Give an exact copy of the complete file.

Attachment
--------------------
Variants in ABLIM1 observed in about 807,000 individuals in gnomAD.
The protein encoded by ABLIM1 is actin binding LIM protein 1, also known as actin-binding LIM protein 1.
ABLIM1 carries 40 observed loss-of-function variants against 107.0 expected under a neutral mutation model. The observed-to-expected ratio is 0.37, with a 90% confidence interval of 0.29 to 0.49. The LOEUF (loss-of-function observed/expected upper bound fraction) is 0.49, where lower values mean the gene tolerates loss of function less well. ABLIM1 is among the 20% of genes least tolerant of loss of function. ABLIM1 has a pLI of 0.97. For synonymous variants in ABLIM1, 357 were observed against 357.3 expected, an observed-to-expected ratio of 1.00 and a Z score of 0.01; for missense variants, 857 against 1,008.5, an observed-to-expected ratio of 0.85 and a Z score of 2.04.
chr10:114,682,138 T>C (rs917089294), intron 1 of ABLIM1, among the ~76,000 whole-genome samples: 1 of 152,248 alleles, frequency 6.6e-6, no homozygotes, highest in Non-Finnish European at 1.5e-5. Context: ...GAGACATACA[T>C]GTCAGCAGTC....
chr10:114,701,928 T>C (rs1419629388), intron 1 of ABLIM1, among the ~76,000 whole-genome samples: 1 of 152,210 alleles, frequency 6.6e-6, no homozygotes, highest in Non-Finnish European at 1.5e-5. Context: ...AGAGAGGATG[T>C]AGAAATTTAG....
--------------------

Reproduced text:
Variants in ABLIM1 observed in about 807,000 individuals in gnomAD.
The protein encoded by ABLIM1 is actin binding LIM protein 1, also known as actin-binding LIM protein 1.
ABLIM1 carries 40 observed loss-of-function variants against 107.0 expected under a neutral mutation model. The observed-to-expected ratio is 0.37, with a 90% confidence interval of 0.29 to 0.49. The LOEUF (loss-of-function observed/expected upper bound fraction) is 0.49, where lower values mean the gene tolerates loss of function less well. ABLIM1 is among the 20% of genes least tolerant of loss of function. ABLIM1 has a pLI of 0.97. For synonymous variants in ABLIM1, 357 were observed against 357.3 expected, an observed-to-expected ratio of 1.00 and a Z score of 0.01; for missense variants, 857 against 1,008.5, an observed-to-expected ratio of 0.85 and a Z score of 2.04.
chr10:114,682,138 T>C (rs917089294), intron 1 of ABLIM1, among the ~76,000 whole-genome samples: 1 of 152,248 alleles, frequency 6.6e-6, no homozygotes, highest in Non-Finnish European at 1.5e-5. Context: ...GAGACATACA[T>C]GTCAGCAGTC....
chr10:114,701,928 T>C (rs1419629388), intron 1 of ABLIM1, among the ~76,000 whole-genome samples: 1 of 152,210 alleles, frequency 6.6e-6, no homozygotes, highest in Non-Finnish European at 1.5e-5. Context: ...AGAGAGGATG[T>C]AGAAATTTAG....